- Comair needs more working capital after dealing with the fallout of high oil prices and international travel restrictions over the festive season.
- In their latest report, Comair’s business rescue practitioners say why more money is needed – but don’t specify how much.
- The preferred bidder has already raised some of the additional funding needed and is busy drawing up a plan to raise the rest.
Comair needs to raise more working capital after it had to deal with the fallout of high oil prices, international travel restrictions during the December holiday period, and the “severe” impact of the temporary suspension of its flights.
This is according to the latest report by the company’s business rescue practitioners. The report does not say how much funding needs to be raised.
Comair, which operates its own low-cost airline kulula.com, as well as British Airways domestically under a licence agreement, went into business rescue in May 2020. The Comair Rescue Consortium (CRC), comprising several former Comair board members and executives, was chosen as preferred bidder.
“Although the Brent Crude Oil price appears to have stabilised at circa US$110 per barrel, the impact on the operational performance of airlines worldwide, including the Comair, has been significant. This, together with the ‘red listing’ of South Africa during December 2021 and January 2022, has resulted in the company needing to raise further working capital,” say the rescue practitioners.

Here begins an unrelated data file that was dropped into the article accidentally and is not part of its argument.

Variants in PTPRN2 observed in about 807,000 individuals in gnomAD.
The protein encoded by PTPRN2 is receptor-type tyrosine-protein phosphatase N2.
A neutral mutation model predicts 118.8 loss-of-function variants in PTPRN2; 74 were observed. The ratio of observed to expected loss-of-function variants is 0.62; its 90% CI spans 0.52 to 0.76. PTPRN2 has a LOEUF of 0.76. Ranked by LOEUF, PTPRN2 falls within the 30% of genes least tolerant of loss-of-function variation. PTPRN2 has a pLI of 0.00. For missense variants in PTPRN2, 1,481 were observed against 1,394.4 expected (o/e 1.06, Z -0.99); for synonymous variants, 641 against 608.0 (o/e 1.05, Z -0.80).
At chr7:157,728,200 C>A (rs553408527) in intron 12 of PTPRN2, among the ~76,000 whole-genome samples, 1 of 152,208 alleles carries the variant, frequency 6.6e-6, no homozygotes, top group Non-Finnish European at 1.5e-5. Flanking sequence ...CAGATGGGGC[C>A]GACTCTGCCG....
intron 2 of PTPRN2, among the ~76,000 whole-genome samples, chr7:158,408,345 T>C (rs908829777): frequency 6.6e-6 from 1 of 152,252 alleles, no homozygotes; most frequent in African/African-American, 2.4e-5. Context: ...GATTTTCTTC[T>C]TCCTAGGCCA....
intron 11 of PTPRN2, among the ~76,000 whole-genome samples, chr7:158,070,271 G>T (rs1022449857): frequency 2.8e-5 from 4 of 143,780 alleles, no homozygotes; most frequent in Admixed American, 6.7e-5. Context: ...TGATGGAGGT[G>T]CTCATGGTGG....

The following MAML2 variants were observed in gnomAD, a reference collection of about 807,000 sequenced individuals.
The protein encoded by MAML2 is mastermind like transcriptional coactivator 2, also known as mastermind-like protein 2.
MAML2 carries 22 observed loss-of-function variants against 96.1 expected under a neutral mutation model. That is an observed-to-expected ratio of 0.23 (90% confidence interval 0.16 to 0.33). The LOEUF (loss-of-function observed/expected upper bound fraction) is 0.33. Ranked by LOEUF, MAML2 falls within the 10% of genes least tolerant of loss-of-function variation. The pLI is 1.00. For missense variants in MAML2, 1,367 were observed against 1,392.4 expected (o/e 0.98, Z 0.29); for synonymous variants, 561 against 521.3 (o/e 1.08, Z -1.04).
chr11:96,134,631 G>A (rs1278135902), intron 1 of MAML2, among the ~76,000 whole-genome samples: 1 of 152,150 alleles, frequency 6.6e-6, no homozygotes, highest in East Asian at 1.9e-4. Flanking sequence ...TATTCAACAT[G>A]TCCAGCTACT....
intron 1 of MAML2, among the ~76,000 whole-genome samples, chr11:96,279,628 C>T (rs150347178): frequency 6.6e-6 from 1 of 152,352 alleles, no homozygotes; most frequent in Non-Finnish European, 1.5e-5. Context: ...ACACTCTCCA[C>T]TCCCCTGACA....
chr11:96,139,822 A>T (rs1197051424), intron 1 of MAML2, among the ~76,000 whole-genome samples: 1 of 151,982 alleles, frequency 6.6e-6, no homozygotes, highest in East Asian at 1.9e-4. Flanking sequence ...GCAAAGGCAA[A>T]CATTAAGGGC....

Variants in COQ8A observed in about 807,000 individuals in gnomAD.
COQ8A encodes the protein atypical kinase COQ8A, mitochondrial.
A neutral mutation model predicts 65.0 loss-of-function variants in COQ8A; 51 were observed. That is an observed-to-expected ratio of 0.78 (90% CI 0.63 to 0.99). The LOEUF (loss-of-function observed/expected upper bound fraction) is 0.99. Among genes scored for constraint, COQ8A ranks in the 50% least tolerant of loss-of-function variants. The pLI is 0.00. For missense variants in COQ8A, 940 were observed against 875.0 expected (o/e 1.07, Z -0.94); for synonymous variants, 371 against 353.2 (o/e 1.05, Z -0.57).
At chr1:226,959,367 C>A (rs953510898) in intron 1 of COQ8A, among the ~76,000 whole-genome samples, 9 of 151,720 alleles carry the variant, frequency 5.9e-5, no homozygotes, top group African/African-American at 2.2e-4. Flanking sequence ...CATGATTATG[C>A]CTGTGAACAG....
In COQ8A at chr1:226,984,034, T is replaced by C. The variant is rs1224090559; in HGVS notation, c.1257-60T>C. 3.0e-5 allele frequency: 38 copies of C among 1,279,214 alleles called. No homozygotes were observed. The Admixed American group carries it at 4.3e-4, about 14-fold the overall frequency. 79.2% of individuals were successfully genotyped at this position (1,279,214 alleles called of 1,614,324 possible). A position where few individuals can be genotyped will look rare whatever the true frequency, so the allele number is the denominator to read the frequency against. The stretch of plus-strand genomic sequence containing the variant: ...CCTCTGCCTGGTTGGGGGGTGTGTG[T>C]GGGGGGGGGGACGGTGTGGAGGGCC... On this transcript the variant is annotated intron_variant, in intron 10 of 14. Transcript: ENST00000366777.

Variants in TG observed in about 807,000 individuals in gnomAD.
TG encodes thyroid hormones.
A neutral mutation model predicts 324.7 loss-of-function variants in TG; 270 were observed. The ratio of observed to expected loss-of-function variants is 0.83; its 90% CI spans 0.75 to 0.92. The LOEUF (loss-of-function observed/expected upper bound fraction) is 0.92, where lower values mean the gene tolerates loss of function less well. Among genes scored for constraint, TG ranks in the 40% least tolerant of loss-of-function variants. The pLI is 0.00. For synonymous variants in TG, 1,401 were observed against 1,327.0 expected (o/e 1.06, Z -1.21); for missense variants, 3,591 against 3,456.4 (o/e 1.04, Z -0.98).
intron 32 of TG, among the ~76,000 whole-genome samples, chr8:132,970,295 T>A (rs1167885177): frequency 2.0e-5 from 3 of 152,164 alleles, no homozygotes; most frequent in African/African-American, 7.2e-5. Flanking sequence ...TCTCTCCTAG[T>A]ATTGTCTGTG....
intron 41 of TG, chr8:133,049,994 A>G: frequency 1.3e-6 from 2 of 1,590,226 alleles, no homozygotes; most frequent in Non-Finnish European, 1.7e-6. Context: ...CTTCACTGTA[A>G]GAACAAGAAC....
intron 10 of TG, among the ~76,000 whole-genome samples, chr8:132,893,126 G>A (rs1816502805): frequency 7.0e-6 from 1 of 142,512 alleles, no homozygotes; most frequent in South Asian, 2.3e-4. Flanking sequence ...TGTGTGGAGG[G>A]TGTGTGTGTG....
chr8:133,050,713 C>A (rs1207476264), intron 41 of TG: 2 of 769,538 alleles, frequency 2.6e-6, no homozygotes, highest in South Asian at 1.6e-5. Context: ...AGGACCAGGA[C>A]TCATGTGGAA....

The operator has faced a number of hiccups in recent years. Most recently, in mid-March, regulator the SA Civil Aviation Authority (SACAA) imposed a precautionary suspension of Comair’s Aircraft Operating Certificate (AOC) for five days after what it called “a series of incidents”, including issues with the landing gear indicator on one of the flights.
Meanwhile Comair’s legal battle in a US court to cancel a purchase agreement of eight 737 MAX planes from US manufacturer Boeing still continues. The Boeing 737 MAX passenger airliner was grounded worldwide between about March 2019 and December 2020 after two fatal crashes – one by Lion Air and one by Ethiopian Airlines.
The rescue practitioners also continue negotiations with aircraft lessors on revised short-term arrangements.
Fin24 reported last week that Comair decided to halt a retrenchment process kicked off in March after pressure from the National Union of Metalworkers of SA (NUMSA) and the SA Cabin Crew Association (SACCA), but says it still needs to find ways to reduce staff and costs in order to remain sustainable.
In December last year the Competition Tribunal approved FirstRand Bank’s acquisition of Comair’s airport lounges in Johannesburg, Cape Town and Durban to get a cash injection of about R250 million.